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I love helping. 

Nothing beats the feeling I get when I help to brighten someone’s day, soften their pain, or make their load a little bit lighter.  In fact, I’ve designed my entire business model and reverse engineered this chapter of my life to make this possible every day.

My heart sings when I find new ways to be more accessible, available, and generous with my time.

When someone gives me their trust and asks me for help it feels like a gift to me.

Okay, admittedly, I love being asked for help in areas that I know I do well, yet, more and more, I challenge that caveat, and remind myself that when someone asks me for help, they truly believe that I can be of service. I recognize that their request is an invitation for me to move through any thoughts of my own weaknesses and lean in, say yes, and focus on what they need.

For me, this process has definitely created many opportunities for growth.

So, knowing all these benefits offerring help can bring, why is it so difficult to ask for and receive help ourselves?

Even when we “know” that asking for help is a sign of strength and not a weakness, making it a practice can be new territory for many leaders.

Perhaps we hear voices in our heads like:

  • “I should be able to do this on my own.”
  • “I don’t want to impose.”
  • “I don’t want them to feel obligated.”
  • “I don’t want people to know I need help.”
  • “This is a silly question.”
  • “I’m being selfish.”

Here’s the truth.

Asking for help may not be a selfish act.  Receiving the help you need often makes it possible for you to show up as your best self, have the impact you are meant to achieve, and make the biggest difference in people’s lives.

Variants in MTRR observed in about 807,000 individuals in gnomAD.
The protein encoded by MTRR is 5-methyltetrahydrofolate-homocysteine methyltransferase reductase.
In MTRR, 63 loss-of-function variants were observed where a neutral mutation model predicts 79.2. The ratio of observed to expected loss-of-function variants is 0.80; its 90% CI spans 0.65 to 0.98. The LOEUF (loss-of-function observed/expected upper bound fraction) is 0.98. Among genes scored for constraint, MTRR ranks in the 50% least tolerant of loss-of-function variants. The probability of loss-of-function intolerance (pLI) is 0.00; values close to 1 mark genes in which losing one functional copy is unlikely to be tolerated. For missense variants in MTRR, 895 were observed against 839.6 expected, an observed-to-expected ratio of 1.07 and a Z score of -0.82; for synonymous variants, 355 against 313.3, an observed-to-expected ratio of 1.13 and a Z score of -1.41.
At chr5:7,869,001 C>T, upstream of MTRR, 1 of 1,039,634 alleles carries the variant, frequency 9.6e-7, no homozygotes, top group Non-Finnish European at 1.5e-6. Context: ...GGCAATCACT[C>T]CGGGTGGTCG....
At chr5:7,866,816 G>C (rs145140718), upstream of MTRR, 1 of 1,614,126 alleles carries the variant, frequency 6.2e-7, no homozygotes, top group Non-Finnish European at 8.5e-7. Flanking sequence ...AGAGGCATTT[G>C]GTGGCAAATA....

Here are three fresh examples from my own business:

Last month, an extraordinarily successful leader and past client of mine gave me a call with an idea of how she could help me – as a thank you for our work together.  I hadn’t asked for her to bring her expertise into my business, and honestly, I never would have.

 

Her gift to me – other than the tangible (and priceless) results of her work – was that it opened me up beyond helping others, to asking and receiving on my own behalf.

A few weeks later, yet another incredibly talented entrepreneur offered to bring his technical and artistic expertise into my business – again as a thank you.  What a gift he has given me, helping me connect with leaders I don’t yet know.  
 
I would have never thought that our collaboration would be possible, and I am so grateful that he offered his help (and that I didn’t say “oh, no, you don’t have to do that.”).
Finally, last week, I was on a big writing deadline (a chapter in book I will be a part of – details soon!) and I was stuck. Following the momentum that came from receiving help, I took a deep breath and reached out to an old colleague and “out of the blue,” I asked for this busy woman’s help.

 

She immediately said yes, which enabled me to submit on time, and take her incredible notes and suggestions forward into my future writing with appreciation.
As you move through your day, and as you intuitively look for ways to help and be of service to others, I invite you to find areas where you need help.
 
Find those wonderful moments where you can invite others to be a part of your work and your causes. Pause before you turn down an offer for help. Creating a practice of offerring, receiving and asking for help can connect us to each other, and help us all create the impact we are meant to acheive.  And when that occurs, we are all making the world a better place. 
To your success,

 

Kathryn

 

P.S. – I love hearing from you!  Where are the areas you need help, and why? Who would love to help you acheive THAT?

And, if you’re feeling like you’re at a crossroads of some kind, let’s get on the phone to see if I can be of… help!